Prosciutto is a delicacy made in Italy since ancient Roman times. It’s a well-loved type of meat that tastes like nothing else. No one could resist enjoying its flavor over a toasted slice of artisan bread.
Take a Look ↓↓↓
In the Italian language, the word “prosciutto” translates to “ham.” It is made only from the hind legs of a pig and is aged through a process called dry-curing. One can buy the whole leg as a highlight for a lavish family meal or packaged pre-sliced thin pieces.
There are two main types of prosciutto: prosciutto crudo, which is dried and salt-cured, and prosciutto cotto, which is cooked. If you want to learn more about this delicious meat, read on!
Where Does Prosciutto Come From?
The precise origins of prosciutto are somewhat obscure. According to legend, the dry-aged ham was invented by Celtic people from northern Italy as a means of preserving meat for a long period.
When they learned how good this kind of meat could be, more and more people started adopting the Northern Italian techniques used to make prosciutto.
Today, we enjoy prosciutto as refined meat that tastes great in numerous dishes, not only in Italian cuisine but many others as well.
What Does Prosciutto Taste Like?
Prosciutto has a delectably sweet and salty taste. Its sophisticated and robust porcine flavor varies depending on how long it’s been aged. The longer it’s aged, the more complex it tastes.
When sliced perfectly thin, the product melts in your mouth, creating mind-blowing taste sensations to emerge. Each slice of meat is commonly streaked with fat and has a salmon pinkish to reddish-brown color.
Some types of prosciutto are flavored with herbs and spices such as garlic, rosemary, black pepper, and juniper, which give the meat an even more refined and fragrant taste.
How is Prosciutto Made?
The process of making prosciutto begins with high-quality pork legs covered in sea salt. In this condition, the raw meat rests for a few weeks. During this time, the salt takes out the blood and moisture. Thus, it boosts the flavor and helps prevent bacteria from getting into the meat, making the raw product safe to consume.
As soon as the resting time has finished, the pork legs are hand-washed and seasoned. Then, the meat gets covered with a lard mixture to provide an appropriate drying process for each leg.
The final step, which demands patience, is a dry age. The pork hind legs dry-age at a controlled temperature for 14 to 36 months. The meat should remain in a cellar with little sunlight or air during this period.
How to Eat Prosciutto?
Prosciutto is perfect for consuming in diverse Italian and European recipes, and it’s a delicate snack on its own as well.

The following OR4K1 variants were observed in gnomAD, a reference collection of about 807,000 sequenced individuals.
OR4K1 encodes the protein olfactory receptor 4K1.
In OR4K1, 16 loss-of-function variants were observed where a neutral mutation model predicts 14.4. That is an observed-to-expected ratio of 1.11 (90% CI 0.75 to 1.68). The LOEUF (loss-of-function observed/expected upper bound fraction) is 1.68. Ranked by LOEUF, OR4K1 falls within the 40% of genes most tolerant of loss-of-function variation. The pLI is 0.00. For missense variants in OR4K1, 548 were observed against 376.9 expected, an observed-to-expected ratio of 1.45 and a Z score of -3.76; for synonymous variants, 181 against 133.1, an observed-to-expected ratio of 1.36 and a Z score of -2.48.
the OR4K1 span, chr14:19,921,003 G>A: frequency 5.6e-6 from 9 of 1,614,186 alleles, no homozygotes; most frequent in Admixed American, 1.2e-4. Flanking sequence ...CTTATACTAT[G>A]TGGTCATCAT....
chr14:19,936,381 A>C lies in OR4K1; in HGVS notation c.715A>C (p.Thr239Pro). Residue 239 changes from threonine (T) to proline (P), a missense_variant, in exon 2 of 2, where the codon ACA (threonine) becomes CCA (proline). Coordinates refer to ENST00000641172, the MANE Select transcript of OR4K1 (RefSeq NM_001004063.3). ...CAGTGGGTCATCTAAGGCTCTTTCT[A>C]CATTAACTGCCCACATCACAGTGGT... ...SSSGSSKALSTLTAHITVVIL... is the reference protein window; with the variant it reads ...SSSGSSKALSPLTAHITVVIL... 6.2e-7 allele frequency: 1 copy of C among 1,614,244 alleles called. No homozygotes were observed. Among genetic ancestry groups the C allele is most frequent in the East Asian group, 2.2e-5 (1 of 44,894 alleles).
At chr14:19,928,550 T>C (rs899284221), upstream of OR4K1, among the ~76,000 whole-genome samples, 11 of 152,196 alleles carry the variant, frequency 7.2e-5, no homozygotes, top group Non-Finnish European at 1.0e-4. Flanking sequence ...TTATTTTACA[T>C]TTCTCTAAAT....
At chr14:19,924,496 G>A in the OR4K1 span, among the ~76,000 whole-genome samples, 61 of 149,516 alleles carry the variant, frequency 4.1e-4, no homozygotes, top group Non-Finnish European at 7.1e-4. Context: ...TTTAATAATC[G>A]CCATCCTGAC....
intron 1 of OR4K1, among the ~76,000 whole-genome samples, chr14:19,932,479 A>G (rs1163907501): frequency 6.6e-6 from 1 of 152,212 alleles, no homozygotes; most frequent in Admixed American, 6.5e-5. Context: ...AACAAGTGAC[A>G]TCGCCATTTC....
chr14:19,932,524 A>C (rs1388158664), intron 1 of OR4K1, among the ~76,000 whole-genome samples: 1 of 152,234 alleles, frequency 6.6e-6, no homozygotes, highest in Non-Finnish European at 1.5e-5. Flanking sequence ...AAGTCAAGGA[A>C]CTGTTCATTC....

To indulge in the rich flavor of prosciutto, serve it in paper-thin slices. Just put a piece in your mouth and let the fat of the Italian ham melt on your tongue. Thus you’ll be able to enjoy the creamy texture of the leaner parts of the meat, which are sweet, salty, and flavorful.
Prosciutto is extremely versatile – that’s why you can serve it on its own. The best pairings with the meat are sharp cheeses, fruits, vegetables, bread, and wines that will highlight its complex tasting notes.
What Are the Types of Prosciutto?
There are many types of prosciutto made in different regions around the world. Let’s look at the most popular ones.
Prosciutto di Parma
Known also as Parma Ham, Prosciutto di Parma is an extremely popular type of meat from North-Central Italy. It has an exceptional reputation due to its aging process, which is commonly twice as long as other types. It gives prosciutto a rich, buttery flavor and creamy texture.
Italian Prosciutto Crudo is widely used in various appetizers as well as main dishes. It’s known as one of the healthiest hams because it doesn’t contain any artificial ingredients.
The dry-aging process of the meat usually takes from 16 months and may last as long as three years. Prosciutto Crudo usually comes in two flavors: sweet and savory.
Prosciutto di San Daniele
Compared to the most popular Prosciutto di Parma, Prosciutto di San Daniele’s latter is a bit sweeter, and the meat itself is darker.
This type of prosciutto requires a unique salting process. The meat is sea-salted and then pressed for approximately three days, intensifying the flavor to its full extent.
One more well-known type of Prosciutto is Prosciutto Cotto. Though its taste is similar to Prosciutto Crudo, it’s made in a completely different way. While the first is dry-cured ham, Prosciutto Cotto, on the contrary, is cooked.
Now we are moving to Tuscany, Italy, where one more type of prosciutto comes from. Prosciutto Toscano commonly has a dark rind as it’s not only salted but also peppered and spiced in dry rub. Black pepper, rosemary, juniper, and garlic are the most popular spices for the process.
Prosciutto di Modena
The climate of Modena, a province in the northern region of Emilia-Romagna, is ideal for making an extremely flavorful Prosciutto di Modena which is last on our list. It has a deep red color and is made without the use of any additives or preservatives.
The Bottom Line
One of the favorite and most famous Italian foods worldwide, prosciutto is something that no one can resist. Its unique taste distinguishes dry-cured ham from other types of meat. When melting in your mouth, the product creates mind-blowing taste sensations to emerge.
Prosciutto is the best highlight during lavish feasts. Add its slices to your charcuterie board with various fruit and nuts, or place it in your favorite sandwiches instead of other meats.
If you are hesitating about which type of prosciutto to choose, try several at once to enjoy its sophisticated and robust porcine flavor and pick your favorite.